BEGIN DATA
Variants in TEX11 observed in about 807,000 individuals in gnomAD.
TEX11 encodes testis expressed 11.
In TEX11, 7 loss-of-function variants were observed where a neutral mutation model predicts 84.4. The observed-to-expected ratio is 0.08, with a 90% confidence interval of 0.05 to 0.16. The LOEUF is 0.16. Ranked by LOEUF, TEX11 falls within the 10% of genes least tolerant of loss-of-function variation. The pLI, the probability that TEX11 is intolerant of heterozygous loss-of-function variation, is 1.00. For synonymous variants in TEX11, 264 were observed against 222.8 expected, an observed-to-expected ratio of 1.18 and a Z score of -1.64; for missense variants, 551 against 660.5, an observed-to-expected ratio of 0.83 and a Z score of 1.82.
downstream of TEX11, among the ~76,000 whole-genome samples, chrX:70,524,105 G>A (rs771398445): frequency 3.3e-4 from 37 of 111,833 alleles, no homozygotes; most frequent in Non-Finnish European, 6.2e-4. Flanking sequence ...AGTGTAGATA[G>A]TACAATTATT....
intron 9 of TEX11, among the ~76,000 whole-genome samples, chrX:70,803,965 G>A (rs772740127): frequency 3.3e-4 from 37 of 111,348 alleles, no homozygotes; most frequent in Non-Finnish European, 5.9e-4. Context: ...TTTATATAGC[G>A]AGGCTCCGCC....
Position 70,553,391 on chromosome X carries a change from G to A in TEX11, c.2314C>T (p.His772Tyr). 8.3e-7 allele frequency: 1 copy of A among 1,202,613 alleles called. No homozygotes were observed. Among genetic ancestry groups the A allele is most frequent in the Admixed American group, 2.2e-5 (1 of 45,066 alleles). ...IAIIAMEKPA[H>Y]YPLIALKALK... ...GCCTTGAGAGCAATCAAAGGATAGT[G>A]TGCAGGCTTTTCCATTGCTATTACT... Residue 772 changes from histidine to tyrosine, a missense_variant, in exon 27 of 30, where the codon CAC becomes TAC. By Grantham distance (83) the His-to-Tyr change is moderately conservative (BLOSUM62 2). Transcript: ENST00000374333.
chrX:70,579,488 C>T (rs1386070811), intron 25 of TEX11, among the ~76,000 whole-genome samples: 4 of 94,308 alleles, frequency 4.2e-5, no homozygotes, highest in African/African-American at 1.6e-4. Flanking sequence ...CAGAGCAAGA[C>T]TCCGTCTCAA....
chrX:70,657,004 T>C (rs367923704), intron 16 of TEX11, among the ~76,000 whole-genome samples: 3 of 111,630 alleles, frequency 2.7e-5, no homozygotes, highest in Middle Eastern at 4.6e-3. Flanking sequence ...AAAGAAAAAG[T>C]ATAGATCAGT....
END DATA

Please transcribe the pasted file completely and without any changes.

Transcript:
Variants in TEX11 observed in about 807,000 individuals in gnomAD.
TEX11 encodes testis expressed 11.
In TEX11, 7 loss-of-function variants were observed where a neutral mutation model predicts 84.4. The observed-to-expected ratio is 0.08, with a 90% confidence interval of 0.05 to 0.16. The LOEUF is 0.16. Ranked by LOEUF, TEX11 falls within the 10% of genes least tolerant of loss-of-function variation. The pLI, the probability that TEX11 is intolerant of heterozygous loss-of-function variation, is 1.00. For synonymous variants in TEX11, 264 were observed against 222.8 expected, an observed-to-expected ratio of 1.18 and a Z score of -1.64; for missense variants, 551 against 660.5, an observed-to-expected ratio of 0.83 and a Z score of 1.82.
downstream of TEX11, among the ~76,000 whole-genome samples, chrX:70,524,105 G>A (rs771398445): frequency 3.3e-4 from 37 of 111,833 alleles, no homozygotes; most frequent in Non-Finnish European, 6.2e-4. Flanking sequence ...AGTGTAGATA[G>A]TACAATTATT....
intron 9 of TEX11, among the ~76,000 whole-genome samples, chrX:70,803,965 G>A (rs772740127): frequency 3.3e-4 from 37 of 111,348 alleles, no homozygotes; most frequent in Non-Finnish European, 5.9e-4. Context: ...TTTATATAGC[G>A]AGGCTCCGCC....
Position 70,553,391 on chromosome X carries a change from G to A in TEX11, c.2314C>T (p.His772Tyr). 8.3e-7 allele frequency: 1 copy of A among 1,202,613 alleles called. No homozygotes were observed. Among genetic ancestry groups the A allele is most frequent in the Admixed American group, 2.2e-5 (1 of 45,066 alleles). ...IAIIAMEKPA[H>Y]YPLIALKALK... ...GCCTTGAGAGCAATCAAAGGATAGT[G>A]TGCAGGCTTTTCCATTGCTATTACT... Residue 772 changes from histidine to tyrosine, a missense_variant, in exon 27 of 30, where the codon CAC becomes TAC. By Grantham distance (83) the His-to-Tyr change is moderately conservative (BLOSUM62 2). Transcript: ENST00000374333.
chrX:70,579,488 C>T (rs1386070811), intron 25 of TEX11, among the ~76,000 whole-genome samples: 4 of 94,308 alleles, frequency 4.2e-5, no homozygotes, highest in African/African-American at 1.6e-4. Flanking sequence ...CAGAGCAAGA[C>T]TCCGTCTCAA....
chrX:70,657,004 T>C (rs367923704), intron 16 of TEX11, among the ~76,000 whole-genome samples: 3 of 111,630 alleles, frequency 2.7e-5, no homozygotes, highest in Middle Eastern at 4.6e-3. Flanking sequence ...AAAGAAAAAG[T>C]ATAGATCAGT....